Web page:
With the 2017 transition to new antibiotic rules quickly approaching, veterinarians and producers still have time to minimize logistic and animal-health impacts by planning ahead. Those changes, centered around the FDA's strategy for antibiotic stewardship in animal agriculture, will remove animal-performance claims from medically important feed antibiotics and require veterinary oversight for the use of most medicated feeds.
Beginning on January 1, 2017, over-the-counter purchases for medically important feed-grade antibiotics will end, with producers and feed distributors needing to work through a veterinarian to secure a veterinary feed directive (VFD) order for purchase of those products.
This week, Global Vet Link (GVL), which provides electronic systems for generating, distributing and storing VFD orders, hosted a webinar to update veterinarians on their responsibilities and how to guide clients through the transition.
Dr. David Nolan, a veterinarian with Huvepharma, provided background on the upcoming changes, outlining a series of FDA guidance documents leading up to the transition. The FDA provides those documents and further information on the upcoming VFD rules on its Center for Veterinary Medicine (CVM) website.
Nolan says that prior to the changes, about 99% of feed-grade medications used in livestock were marketed OTC. Once the new rules are fully implemented on January 1, 2017, that total will drop to around 39%, with 61% requiring a VFD order.
Some antimicrobial products deemed unimportant in human medicine, such as ionophores, will not require a VFD order. The same applies to non-antibiotic drugs, such as anthelmintics, delivered through feed. Antibiotics delivered through water will require a veterinarian's prescription, which differs from a VFD.
Tyler Holck, DVM, MS, MBA, with GVL, focused on three priorities for veterinarians to successfully transition into the new regulatory environment.
1.Know the requirements.
2.Make sure your clients and feed distributors know the requirements.
3.Walk through likely animal-management scenarios involving VFD drugs with clients and feed distributors.
Holck stresses that a compliant VFD order involves:
¬∑One veterinarian - not a clinic or practice group.
¬∑One client - the person responsible for care of the animals listed on the VFD order.
¬∑One animal-production site, or more than one under the same owner and with a common health status.
¬∑One feed distributor, although feed distributors operating more than one facilities can fill the order from any of them.
¬∑One medication, or one combination product in which one medication in the feed is listed as a VFD drug.
The VFD order itself will include a variety of information including the client's name, species, production class, number and location of the animals to be treated, the VFD drug or combination drug, indication of use, dosage, duration of use and more. The VFD order can be in paper or electronic format, but in either case, the veterinarian, producer and feed distributor must keep it on file for two years and make it available to FDA inspectors upon request.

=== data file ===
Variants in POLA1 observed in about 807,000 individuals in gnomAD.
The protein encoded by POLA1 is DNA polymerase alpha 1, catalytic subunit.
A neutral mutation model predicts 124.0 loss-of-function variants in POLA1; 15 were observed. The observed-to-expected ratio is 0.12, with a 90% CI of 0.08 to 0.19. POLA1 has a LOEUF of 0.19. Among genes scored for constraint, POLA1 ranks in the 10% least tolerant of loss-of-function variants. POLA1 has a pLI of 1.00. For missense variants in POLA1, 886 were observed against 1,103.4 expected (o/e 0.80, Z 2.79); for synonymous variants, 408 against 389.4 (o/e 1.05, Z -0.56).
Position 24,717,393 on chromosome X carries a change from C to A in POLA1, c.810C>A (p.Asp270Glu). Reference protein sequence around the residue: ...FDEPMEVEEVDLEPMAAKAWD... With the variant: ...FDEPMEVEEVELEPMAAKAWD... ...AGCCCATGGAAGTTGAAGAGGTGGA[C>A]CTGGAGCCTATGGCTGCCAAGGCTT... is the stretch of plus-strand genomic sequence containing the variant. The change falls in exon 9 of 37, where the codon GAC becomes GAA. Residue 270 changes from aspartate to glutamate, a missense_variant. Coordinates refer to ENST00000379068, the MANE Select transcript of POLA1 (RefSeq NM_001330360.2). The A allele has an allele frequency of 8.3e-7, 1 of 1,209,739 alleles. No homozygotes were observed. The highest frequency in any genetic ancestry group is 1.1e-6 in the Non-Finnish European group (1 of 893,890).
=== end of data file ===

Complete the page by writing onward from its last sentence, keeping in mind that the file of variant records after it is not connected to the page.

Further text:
Holck says producers have expressed concerns that the new rule will create barriers to access to drugs, prevent timely treatment of sick animals, increase the risk of audits or inspections and disadvantage producers who lack easy access to veterinary services. Feed distributors meanwhile, worry about inaccuracies in VFD orders, customer complaints due to delayed deliveries, increased paperwork and record keeping, liability and higher risk of audits or inspections.
Veterinarians, he says, can help resolve most of those real or perceived problems, and enhance their practices, by establishing veterinarian-client-patient relationships (VCPR) with producers in their practice areas and helping them plan ahead, prevent disease an anticipate when they will need VFD feeds on hand.
Shelly Hill, a customer success representative with GVL outlined how the company's FeedLINK system provides a simplified electronic process for preparing and storing VFD orders. The digital system allows considerable automation, simplifying data entry for the veterinarian and distributing the VFD order to the client and feed distributor, and the digital format eliminates the need to retain paper VFD records. Perhaps best of all, the system's "Smart Engine" technology electronically verifies accuracy of the VFD order and identifies errors or omissions, helping ensure the veterinarian has filed the correct information.
The recorded webinar, with additional detail on the entire VFD process, will be available later this month, and we will post a link to this site.